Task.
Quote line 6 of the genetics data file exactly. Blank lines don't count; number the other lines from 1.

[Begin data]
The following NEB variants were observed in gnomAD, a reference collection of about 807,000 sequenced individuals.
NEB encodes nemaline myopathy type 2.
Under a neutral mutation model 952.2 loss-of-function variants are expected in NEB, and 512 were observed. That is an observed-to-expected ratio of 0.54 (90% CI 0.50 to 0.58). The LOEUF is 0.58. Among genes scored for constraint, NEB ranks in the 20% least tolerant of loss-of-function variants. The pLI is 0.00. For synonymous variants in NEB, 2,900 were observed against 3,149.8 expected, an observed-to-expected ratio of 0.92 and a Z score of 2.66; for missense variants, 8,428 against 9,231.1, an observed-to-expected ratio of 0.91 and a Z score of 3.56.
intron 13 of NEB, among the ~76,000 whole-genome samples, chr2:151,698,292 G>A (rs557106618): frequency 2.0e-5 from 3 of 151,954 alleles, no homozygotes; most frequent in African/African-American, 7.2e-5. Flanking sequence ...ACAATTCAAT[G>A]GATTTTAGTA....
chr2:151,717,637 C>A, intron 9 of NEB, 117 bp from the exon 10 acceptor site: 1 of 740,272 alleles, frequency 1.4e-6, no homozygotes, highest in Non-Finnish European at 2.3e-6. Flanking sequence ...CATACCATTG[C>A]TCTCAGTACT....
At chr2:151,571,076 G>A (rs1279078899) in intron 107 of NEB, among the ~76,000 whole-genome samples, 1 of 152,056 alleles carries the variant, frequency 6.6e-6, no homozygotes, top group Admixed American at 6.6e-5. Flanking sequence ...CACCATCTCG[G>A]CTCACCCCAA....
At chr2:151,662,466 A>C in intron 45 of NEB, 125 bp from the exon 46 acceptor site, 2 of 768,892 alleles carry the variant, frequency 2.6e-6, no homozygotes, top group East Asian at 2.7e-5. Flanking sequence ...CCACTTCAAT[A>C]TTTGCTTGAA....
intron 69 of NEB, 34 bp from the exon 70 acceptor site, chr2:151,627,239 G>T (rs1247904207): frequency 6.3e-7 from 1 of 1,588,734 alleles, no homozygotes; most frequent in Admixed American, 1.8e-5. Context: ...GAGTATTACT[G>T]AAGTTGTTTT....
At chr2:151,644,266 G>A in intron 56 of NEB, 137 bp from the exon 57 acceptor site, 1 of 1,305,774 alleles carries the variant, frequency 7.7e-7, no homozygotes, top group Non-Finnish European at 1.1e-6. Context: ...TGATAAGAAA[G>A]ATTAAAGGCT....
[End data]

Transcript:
At chr2:151,571,076 G>A (rs1279078899) in intron 107 of NEB, among the ~76,000 whole-genome samples, 1 of 152,056 alleles carries the variant, frequency 6.6e-6, no homozygotes, top group Admixed American at 6.6e-5. Flanking sequence ...CACCATCTCG[G>A]CTCACCCCAA....